Wang, Victor Bochuan2; Chua, Song-Lin3; Cao, Bin3; Seviour, Thomas3; Nesatyy, Victor J3; Marsili, Enrico3; Kjelleberg, Staffan3; Givskov, Michael5; Tolker-Nielsen, Tim5; Song, Hao3; Loo, Joachim Say Chye3; Yang, Liang4
1 Department of Immunology and Microbiology, Department of Immunology and Microbiology, Faculty of Health and Medical Sciences, Københavns Universitet2 Singapore Centre on Environmental Life Sciences Engineering (SCELSE), Nanyang Technological University, Singapore, Singapore.3 unknown4 Center for Systems Microbiology5 Department of Immunology and Microbiology, Department of Immunology and Microbiology, Faculty of Health and Medical Sciences, Københavns Universitet
The biosynthesis of the redox shuttle, phenazines, in Pseudomonas aeruginosa, an ubiquitous microorganism in wastewater microflora, is regulated by the 2-heptyl-3,4-dihydroxyquinoline (PQS) quorum-sensing system. However, PQS inhibits anaerobic growth of P. aeruginosa. We constructed a P. aeruginosa strain that produces higher concentrations of phenazines under anaerobic conditions by over-expressing the PqsE effector in a PQS negative ΔpqsC mutant. The engineered strain exhibited an improved electrical performance in microbial fuel cells (MFCs) and potentiostat-controlled electrochemical cells with an approximate five-fold increase of maximum current density relative to the parent strain. Electrochemical analysis showed that the current increase correlates with an over-synthesis of phenazines. These results therefore demonstrate that targeting microbial cell-to-cell communication by genetic engineering is a suitable technique to improve power output of bioelectrochemical systems.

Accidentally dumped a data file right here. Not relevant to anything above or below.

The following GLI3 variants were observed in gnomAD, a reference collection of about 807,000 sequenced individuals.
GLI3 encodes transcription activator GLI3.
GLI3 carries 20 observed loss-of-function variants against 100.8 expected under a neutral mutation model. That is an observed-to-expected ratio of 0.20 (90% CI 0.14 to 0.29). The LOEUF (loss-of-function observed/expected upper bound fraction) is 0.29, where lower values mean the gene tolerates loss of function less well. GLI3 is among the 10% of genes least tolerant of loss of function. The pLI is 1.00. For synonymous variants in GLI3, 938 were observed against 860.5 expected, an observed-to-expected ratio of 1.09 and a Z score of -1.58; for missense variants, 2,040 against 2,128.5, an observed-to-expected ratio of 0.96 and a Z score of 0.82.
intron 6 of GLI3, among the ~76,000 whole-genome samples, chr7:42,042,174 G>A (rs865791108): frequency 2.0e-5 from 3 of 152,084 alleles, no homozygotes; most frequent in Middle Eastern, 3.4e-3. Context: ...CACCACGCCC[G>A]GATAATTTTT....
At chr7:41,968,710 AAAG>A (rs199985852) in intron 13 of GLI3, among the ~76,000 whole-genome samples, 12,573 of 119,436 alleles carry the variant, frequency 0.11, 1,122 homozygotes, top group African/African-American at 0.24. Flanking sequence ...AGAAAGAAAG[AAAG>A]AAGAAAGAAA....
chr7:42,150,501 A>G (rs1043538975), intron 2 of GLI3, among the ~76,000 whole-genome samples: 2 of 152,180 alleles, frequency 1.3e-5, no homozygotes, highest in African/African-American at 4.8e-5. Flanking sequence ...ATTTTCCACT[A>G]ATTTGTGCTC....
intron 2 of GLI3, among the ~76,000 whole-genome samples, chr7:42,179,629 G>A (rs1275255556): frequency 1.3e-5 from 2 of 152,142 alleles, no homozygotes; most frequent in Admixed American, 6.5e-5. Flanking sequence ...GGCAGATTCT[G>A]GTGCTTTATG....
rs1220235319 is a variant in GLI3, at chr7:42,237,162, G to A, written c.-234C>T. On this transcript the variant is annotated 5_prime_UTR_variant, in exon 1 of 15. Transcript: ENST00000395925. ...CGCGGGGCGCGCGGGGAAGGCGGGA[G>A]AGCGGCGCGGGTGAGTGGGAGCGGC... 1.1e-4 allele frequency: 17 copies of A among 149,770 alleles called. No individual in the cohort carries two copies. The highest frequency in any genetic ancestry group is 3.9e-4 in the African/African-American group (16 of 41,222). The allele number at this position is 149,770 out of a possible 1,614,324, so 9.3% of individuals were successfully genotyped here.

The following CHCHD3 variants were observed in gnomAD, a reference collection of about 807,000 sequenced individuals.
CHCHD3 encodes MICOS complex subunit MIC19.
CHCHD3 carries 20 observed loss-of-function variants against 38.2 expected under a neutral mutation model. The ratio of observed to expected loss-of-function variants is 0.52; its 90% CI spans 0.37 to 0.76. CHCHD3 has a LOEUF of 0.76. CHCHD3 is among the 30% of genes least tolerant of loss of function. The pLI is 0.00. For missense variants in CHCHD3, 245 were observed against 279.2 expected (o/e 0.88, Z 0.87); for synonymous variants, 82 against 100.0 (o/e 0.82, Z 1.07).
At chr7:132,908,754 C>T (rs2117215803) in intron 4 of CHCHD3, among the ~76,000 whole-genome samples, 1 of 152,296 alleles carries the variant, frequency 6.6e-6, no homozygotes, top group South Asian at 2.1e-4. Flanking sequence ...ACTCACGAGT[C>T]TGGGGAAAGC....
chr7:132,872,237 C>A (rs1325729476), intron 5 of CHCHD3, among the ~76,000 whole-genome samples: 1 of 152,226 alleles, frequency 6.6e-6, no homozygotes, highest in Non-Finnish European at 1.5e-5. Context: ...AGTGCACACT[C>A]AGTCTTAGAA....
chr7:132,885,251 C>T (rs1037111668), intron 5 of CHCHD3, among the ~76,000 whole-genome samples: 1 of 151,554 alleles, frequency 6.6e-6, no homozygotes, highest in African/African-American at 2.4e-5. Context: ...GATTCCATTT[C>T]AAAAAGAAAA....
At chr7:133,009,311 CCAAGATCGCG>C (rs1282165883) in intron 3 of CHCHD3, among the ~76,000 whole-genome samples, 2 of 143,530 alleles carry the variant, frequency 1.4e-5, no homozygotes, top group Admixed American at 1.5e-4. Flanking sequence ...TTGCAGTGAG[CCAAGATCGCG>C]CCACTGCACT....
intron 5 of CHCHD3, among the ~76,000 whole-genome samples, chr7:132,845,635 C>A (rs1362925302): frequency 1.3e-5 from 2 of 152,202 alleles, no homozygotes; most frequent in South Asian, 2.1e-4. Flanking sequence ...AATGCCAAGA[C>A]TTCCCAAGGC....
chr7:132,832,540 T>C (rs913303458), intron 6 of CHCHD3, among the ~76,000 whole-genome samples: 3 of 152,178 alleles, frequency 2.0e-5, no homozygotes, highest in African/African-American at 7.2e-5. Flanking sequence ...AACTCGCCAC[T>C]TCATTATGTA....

Plos One, 2013, Vol 8, Issue 5
Bioelectric Energy Sources; Biofilms; Biosynthetic Pathways; Electricity; Genetic Engineering; Hydroxyquinolines; Phenazines; Pseudomonas aeruginosa; Pyocyanine; Quorum Sensing